May, 2010


27
May 10

Random points in polygon generation algorithm

I needed to generate a set of random points within a polygon, including convex and concave. The need arouse in a geospatial domain where polygons are rather small (on a geo-scale) and wouldn’t span more than say 10 miles, though the benefit of employing more complex algorithms to deal with spheroid properties are negligible. Plane geometry provided enough to meet this requirement. Point-in-Polygon tests are rather simple and are used to test whether a point exists in a polygon. The test is performed using a Ray casting algorithm which test the intersections of a ray across the x-axis starting from the point in question.

Another concept is the Minimum Bounding Rectangle (Bounding Box), which is the minimal rectangle needed to enclose a geographical object (i.e. polygon).

So, one can generate random points within a polygon by…

  1. Generating a bounding box
  2. Generating a point within the bounding box. This is a simple algorithm.
  3. Using Point-in-Polygon to test whether this point exists within the polygon.

Because of the random sampling nature and false positives from step 2, which must be tested in step 3, the above must be performed in a loop until the Point-in-Polygon test passes.

This works quite well for generating test data, as there are no tight bounds on the performance characteristics of random generation. One could also use the above algorithm in production as long as the ration of polygon to bounding box is rather large, which is usually the case for convex polygons. The ratio might be too small convex polygons, though causing a more than acceptable number of false positives in step #2.

I’ve implemented this in the geo-utils python package and made available on github. Feel free to use and provide any feedback.

To utilize the geo-utils to generate random points within a polygon, you would do the following:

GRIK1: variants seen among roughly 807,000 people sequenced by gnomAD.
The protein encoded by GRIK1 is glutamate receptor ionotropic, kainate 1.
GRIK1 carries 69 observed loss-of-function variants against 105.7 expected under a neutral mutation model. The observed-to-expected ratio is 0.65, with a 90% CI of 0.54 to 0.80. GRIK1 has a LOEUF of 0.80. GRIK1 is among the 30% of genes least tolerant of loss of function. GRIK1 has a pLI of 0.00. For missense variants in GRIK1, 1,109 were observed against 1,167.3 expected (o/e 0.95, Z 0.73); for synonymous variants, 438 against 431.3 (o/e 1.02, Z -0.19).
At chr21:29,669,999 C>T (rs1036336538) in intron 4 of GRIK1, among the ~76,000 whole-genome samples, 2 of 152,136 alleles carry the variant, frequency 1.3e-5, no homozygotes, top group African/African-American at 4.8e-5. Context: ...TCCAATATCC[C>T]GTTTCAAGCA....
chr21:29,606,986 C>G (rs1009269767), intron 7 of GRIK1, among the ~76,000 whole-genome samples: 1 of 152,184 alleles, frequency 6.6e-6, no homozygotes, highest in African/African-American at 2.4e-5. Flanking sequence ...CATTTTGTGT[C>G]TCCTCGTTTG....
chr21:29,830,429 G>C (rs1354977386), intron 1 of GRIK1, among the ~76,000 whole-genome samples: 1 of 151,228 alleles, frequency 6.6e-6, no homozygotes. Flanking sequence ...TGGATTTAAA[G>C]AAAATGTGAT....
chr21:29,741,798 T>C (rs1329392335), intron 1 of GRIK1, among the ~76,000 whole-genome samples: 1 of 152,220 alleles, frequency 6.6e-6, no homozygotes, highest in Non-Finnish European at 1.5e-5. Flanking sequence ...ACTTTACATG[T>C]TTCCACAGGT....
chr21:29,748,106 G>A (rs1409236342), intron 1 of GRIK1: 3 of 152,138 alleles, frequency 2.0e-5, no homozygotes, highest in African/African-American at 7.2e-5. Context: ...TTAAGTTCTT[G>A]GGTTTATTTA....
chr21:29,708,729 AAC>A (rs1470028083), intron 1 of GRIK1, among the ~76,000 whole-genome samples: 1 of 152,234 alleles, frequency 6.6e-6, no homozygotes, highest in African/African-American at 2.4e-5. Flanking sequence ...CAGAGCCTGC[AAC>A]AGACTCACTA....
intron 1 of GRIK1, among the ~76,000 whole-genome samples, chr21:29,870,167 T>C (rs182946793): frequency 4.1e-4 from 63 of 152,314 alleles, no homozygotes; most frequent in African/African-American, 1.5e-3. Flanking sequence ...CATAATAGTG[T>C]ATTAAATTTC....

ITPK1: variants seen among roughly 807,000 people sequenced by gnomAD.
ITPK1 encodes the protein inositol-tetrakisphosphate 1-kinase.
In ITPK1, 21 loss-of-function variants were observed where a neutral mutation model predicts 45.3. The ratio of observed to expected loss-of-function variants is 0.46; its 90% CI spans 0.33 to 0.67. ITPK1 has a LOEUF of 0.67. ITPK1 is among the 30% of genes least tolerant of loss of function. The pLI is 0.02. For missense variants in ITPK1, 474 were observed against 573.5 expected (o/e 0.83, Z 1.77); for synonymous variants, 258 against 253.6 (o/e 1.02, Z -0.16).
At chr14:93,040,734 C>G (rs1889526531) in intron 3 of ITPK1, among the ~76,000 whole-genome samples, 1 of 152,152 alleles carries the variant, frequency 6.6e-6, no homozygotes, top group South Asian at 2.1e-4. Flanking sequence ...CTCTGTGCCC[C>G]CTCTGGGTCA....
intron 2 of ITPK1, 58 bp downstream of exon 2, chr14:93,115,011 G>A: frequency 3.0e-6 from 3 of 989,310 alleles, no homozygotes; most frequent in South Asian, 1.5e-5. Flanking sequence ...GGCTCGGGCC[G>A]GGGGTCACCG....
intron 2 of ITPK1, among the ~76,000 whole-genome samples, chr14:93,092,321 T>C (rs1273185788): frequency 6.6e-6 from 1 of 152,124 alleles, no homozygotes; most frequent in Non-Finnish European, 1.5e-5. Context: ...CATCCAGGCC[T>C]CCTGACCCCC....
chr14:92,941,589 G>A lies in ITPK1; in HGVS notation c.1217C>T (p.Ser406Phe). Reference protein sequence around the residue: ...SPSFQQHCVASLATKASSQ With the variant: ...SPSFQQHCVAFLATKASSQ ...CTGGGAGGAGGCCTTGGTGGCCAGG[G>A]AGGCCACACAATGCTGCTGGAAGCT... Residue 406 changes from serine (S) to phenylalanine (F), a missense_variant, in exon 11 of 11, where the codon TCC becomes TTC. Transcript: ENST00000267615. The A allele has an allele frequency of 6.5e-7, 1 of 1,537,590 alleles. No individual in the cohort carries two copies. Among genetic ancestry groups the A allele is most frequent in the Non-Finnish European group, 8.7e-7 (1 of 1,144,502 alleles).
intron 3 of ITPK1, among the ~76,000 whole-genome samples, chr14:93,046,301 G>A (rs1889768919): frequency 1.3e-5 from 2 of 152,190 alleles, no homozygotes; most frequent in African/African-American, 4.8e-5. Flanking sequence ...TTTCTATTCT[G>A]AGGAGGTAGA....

from vtown import geo
  from vtown.geo.polygon import Polygon


  polygon = Polygon(  geo.LatLon(42.39321,-82.92114),
                      geo.LatLon(42.39194,-82.91669),
                      geo.LatLon(42.39147,-82.91796),
                      geo.LatLon(42.39090,-82.91974),
                      geo.LatLon(42.39321,-82.92114))

  point = polygon.random_point()

The above polygon is generated using lat/lon coordinates, but you can generate them using simple x/y coordinates with geo.Point(x,y)

Here are some code snippets from the implementation. I only pasted the relevant parts. For boilerplate and relevant data structures, see the geo-utils package.

class BoundingBox(object):

    def __init__(self, *points):
        """docstring for __init__"""
        xmin = ymin = float('inf')
        xmax = ymax = float('-inf')
        for p in points:
            if p.x < xmin: xmin = p.x
            if p.y < ymin: ymin = p.y
            if p.x > xmax: xmax = p.x
            if p.y > ymax: ymax = p.y
        self.interval_x = Interval(xmin, xmax)
        self.interval_y = Interval(ymin, ymax)

    def random_point(self):
        x = self.interval_x.random_point()
        y = self.interval_y.random_point()
        return Point(x, y)

class Polygon:
  ## __init__ omitted here...

  def contains(self, point):
        seg_counter = private.SegmentCounter(point)
        for i in range(1, len(self.points)):
            line = Line(*self.points[i-1:i+1])
            if seg_counter.process_segment(line):
                return True
        return seg_counter.crossings % 2 == 1

  def random_point(self):
        bb = BoundingBox(*self.points)
        while True:
            print("GENERATING RANDOM POINT...")
            p = bb.random_point()
            if self.contains(p):
                return p

class SegmentCounter(object):

    def __init__(self, point):
        self.point = point
        self.crossings = 0

    def process_segment(self, line):
        p, p1, p2 = self.point, line.point1, line.point2
        if p1.x < p.x and p2.x < p.x:
            return False

        if (p.x == p2.x and p.y == p2.y):
            return True

        if p1.y == p.y and p2.y == p.y:
            minx = p1.x
            maxx = p2.x
            if minx > maxx:
                minx = p2.x
                maxx = p1.x
            if p.x >= minx and p.x <= maxx:
                return True
            return False